The Revue was held downstairs at Brasserie Zedel, which is just behind Piccadilly Circus.

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The Brasserie looks quite modest from the exterior. However, the downward sweeping staircase leads to a lovely restaurant, retro American bar, and an intimate and unique venue called The Crazy Coqs.

Crazy Coq’s oozes Art Deco with rich banquette seating along two sides, the stage and a Great Gatsby era bar occupying the others. The walls were lined with pictures from France in the 1930s. Chandeliers are draped richly from the ceiling. The room was filled with clusters of bistro style tables with red atmosphere lamps. 1930s Paris surrounded us.

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It was all very civilised, and while it was not possible to reserve seating, the  Maître d’ had our names and escorted us to our table. On stage were a set of drums, a coat stand and an ebony and sleek grand piano. The pianist enticed us to get into the spirit of the show with lots of Noel Coward numbers. I wanted to immerse and enjoy cocktails, served by blackuniformed waiting staff, but decided against it due to the state of my health.

I started to feel too tired already, but I was determined to ignore it. Stomach cramps were setting in too which added nicely to the way I was feeling. I was lucky to be surrounded by Michael, Alkan, Michael and Ange who looked after me.

Celia burst from the back of the room imprisoned by a straitjacket and launched into her version of Twisted made famous by Annie Ross which parodies the psychoanalysis of the protagonist’s insanity.

We were off and early signs were great!

The Revue combined music, dance and sketches perfectly and seamlessly. We were transported back to its golden years, the first part of the twentieth century.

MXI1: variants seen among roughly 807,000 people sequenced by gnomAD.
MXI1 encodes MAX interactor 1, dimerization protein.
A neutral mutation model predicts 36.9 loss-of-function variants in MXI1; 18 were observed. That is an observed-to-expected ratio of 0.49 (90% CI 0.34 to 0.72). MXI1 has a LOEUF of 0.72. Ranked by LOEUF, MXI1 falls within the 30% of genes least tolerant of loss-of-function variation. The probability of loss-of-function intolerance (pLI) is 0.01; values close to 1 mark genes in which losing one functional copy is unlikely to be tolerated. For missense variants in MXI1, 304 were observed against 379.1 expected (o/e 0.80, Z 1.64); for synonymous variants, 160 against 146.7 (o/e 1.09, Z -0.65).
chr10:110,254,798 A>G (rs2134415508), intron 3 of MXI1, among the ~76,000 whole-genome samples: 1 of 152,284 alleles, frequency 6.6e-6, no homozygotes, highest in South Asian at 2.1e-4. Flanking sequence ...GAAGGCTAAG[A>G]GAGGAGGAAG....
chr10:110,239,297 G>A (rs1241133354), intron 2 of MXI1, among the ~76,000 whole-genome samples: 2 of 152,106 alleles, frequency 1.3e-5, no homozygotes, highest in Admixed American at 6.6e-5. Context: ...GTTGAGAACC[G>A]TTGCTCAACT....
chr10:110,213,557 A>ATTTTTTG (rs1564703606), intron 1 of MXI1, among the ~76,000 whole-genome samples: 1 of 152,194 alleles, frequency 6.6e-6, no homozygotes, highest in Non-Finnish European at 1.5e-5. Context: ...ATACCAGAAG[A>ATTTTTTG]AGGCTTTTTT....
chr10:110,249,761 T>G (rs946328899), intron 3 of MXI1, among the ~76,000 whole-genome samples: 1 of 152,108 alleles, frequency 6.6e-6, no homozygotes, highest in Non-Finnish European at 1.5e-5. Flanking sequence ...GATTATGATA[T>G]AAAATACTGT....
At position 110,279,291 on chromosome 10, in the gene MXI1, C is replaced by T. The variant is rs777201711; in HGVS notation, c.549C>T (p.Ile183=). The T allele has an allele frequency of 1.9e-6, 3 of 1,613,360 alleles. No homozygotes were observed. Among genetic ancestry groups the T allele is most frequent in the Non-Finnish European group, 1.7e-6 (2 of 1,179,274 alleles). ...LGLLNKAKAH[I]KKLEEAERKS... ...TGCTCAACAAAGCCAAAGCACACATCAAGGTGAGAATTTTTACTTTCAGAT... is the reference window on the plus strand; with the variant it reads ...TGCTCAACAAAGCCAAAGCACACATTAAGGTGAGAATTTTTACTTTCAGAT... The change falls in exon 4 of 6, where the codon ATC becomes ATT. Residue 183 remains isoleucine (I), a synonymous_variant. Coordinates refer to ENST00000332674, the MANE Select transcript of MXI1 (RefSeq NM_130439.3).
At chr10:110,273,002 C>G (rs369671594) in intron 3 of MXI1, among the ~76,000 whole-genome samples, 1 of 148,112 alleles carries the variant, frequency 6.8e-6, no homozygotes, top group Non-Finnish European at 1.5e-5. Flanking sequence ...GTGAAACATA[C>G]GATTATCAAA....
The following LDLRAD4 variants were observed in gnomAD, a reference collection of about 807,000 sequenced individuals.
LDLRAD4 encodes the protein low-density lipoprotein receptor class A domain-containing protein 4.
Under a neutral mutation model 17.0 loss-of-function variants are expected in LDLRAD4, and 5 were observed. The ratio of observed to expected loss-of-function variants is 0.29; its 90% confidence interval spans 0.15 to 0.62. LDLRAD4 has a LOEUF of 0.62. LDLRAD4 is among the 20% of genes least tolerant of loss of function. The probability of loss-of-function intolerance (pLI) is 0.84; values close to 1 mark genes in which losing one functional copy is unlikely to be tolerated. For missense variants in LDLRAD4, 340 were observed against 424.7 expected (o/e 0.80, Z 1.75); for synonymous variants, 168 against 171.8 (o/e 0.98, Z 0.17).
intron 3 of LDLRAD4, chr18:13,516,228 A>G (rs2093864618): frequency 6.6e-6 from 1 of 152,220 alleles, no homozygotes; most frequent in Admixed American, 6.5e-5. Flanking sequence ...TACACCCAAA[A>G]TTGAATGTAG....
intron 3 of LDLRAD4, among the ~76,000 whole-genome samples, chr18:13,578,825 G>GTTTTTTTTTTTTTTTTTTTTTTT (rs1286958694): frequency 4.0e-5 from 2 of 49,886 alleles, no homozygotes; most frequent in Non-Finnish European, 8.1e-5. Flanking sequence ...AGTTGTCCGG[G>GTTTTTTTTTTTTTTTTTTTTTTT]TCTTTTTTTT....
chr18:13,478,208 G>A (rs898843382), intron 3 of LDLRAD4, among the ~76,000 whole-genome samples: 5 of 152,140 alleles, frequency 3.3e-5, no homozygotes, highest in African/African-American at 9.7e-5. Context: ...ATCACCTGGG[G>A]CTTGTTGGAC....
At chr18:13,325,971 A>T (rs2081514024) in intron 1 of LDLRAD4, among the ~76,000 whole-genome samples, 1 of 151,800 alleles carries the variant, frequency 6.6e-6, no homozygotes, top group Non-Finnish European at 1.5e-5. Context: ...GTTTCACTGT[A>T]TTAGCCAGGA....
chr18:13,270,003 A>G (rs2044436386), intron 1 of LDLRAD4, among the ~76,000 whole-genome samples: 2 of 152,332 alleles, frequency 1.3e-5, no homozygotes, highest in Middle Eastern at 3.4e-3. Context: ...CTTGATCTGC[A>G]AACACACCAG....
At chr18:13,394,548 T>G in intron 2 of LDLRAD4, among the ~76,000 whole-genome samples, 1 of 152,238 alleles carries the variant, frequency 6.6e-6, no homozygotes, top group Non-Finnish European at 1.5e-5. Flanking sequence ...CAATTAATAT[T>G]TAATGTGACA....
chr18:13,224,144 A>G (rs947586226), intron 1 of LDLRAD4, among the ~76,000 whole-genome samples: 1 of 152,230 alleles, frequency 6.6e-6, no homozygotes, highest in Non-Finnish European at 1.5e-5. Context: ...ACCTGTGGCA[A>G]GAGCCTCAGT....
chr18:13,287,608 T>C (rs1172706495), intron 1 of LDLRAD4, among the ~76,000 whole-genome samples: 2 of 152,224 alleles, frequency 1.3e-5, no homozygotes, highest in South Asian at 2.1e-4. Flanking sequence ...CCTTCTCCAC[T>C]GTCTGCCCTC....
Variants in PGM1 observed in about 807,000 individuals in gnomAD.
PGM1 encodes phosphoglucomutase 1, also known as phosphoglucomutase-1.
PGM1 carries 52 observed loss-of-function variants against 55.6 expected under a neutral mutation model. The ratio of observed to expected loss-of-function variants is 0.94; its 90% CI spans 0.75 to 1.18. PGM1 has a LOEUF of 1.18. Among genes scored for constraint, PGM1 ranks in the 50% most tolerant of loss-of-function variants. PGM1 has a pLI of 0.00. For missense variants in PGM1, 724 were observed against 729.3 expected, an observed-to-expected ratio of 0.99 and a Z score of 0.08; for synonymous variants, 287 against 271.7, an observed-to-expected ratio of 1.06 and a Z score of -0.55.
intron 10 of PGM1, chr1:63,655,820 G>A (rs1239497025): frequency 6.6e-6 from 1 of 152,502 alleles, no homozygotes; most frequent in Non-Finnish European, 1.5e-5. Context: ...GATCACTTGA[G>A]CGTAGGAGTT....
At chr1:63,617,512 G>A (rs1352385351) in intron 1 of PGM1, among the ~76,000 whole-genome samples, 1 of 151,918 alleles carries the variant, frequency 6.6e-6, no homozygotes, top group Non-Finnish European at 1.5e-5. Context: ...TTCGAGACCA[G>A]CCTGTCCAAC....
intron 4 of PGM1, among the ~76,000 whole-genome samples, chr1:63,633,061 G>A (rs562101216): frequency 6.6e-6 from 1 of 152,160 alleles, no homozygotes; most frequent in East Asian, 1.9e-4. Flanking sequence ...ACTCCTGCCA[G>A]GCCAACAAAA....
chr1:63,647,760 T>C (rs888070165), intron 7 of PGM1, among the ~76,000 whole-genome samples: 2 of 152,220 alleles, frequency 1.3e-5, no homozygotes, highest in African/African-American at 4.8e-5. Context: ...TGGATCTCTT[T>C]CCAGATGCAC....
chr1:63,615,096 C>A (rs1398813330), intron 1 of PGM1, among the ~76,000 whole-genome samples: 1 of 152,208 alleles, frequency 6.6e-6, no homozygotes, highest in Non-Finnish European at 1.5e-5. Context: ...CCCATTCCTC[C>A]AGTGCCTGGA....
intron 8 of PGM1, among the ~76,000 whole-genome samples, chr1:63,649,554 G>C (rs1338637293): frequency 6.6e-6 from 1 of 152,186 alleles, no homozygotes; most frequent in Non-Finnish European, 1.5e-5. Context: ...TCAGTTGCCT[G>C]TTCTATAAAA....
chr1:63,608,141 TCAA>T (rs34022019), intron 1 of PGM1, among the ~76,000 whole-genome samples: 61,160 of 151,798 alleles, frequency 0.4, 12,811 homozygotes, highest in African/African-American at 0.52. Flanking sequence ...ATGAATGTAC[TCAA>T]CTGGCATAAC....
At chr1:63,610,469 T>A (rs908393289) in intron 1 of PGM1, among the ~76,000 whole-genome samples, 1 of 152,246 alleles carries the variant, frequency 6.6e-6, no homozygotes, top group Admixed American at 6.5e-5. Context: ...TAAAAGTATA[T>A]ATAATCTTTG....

This was going to be good and I wasn’t about to let my clots spoil the evening and popped a couple of paracetamol to lessen the pain.

The marketing for the show told us that Celia really believes that… laughing matters. It was true, she was clearly enjoying herself and we were too. Her classic training, pedigree and star quality shone through. However, she was not aloof. Celia was right there with us; yes on a stage, but if we were around a piano having a sing-song she would have been there too. And yes these evenings still occur. Only recently, after a few glasses of Prosecco at my friend Marina’s birthday, we retired to the home of her friends Patrick and Neil. They have a white, baby grand in the sitting-room of their terraced Islington Villa and we gathered around and sung show and popular tunes to our hearts’ content. Needless to say, we accompanied our singing with a few more refreshments.

One outstanding sketch for me was Common Talk by Alan Melville. It told the tale of a woman who had recently left the safety of central London and decamped to Wimbledon. Her vista allowed her to observe all the untoward (and mostly nocturnal) activity on the Common. It really is a common Common, or so she tells us a number of times.

I also really enjoyed ‘Smut’ where a rather well-to-do campaigner against double entendres tried to persuade us to reconsider hobbies to take our mind off of sex. She asked us to consider gardening and innocently delivered her own double entendres about her impressive melons and the like. I heard this piece, performed by Celia, earlier in the year at a Literary Salon where it was equally successful in having the audience guffawing out loud

There was a mass of nostalgia, of times lost, throughout the show and I for one would welcome back the Revue. We live in an age of auto tune and technical wizardry but none of that supplants the enjoyment received from raw and intimate performance.